As you can see the language of Rich’s introduction is all about himself. The majority of women out there would probably not be enticed to spend more time with him because all he did was drop details about himself during his introduction.

Like our college stud above, sales professionals often make the same mistake of talking too much about their own companies while introducing themselves. Here’s an example of common cold call introduction made by a sales professional:

As you can see from the above example all this sales professional did was talk about his company. And much like the girl at the bar, the customer is probably going to pass on spending more time with this sales professional.

WIIFM

WIIFM stands for What’s In It For Me. That is the question you need to ask yourself from the perspective of the other person you’re talking to. Life is an endless series of decisions, and all sales is helping influence decision making as it pertains to business. The best way to influence people is to put their needs, concerns, and goals before yours. Taking the WIIFM perspective of the person you’re talking with will make a world of difference in your initial interaction.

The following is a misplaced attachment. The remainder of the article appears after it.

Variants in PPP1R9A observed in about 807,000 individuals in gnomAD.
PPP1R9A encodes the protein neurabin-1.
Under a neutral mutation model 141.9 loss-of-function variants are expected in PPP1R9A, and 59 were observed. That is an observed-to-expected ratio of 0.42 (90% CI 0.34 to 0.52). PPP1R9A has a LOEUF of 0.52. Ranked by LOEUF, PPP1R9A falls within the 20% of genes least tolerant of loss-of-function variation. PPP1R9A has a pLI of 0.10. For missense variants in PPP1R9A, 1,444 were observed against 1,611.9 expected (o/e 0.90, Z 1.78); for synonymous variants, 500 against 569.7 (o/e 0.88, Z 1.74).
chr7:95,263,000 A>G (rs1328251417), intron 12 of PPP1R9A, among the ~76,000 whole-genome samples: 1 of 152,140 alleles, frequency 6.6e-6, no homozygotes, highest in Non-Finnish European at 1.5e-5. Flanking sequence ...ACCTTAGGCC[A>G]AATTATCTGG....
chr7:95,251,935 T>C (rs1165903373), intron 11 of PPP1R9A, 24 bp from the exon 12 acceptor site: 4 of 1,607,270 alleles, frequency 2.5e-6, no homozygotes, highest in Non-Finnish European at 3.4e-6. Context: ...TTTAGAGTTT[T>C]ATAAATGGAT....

Let’s go back to our first dating example of the girl at the bar. How much different do you think the interaction would be if Rich lost the cigarette and came up and said this:

Before you criticize my game, please keep in mind this is just an example. What I wanted to convey in this second scenario is that Rich is taking an interest in the other person by anchoring to an interest of hers. Rich is still the same guy as in first scenario, he just doesn’t have to be in a rush to get that information out so quickly. If he can share a common interest with her and let her know she’ll have fun by spending time with him she might be more inclined to actually do so.

From the business perspective this is how a cold call would go from a WIIFM perspective: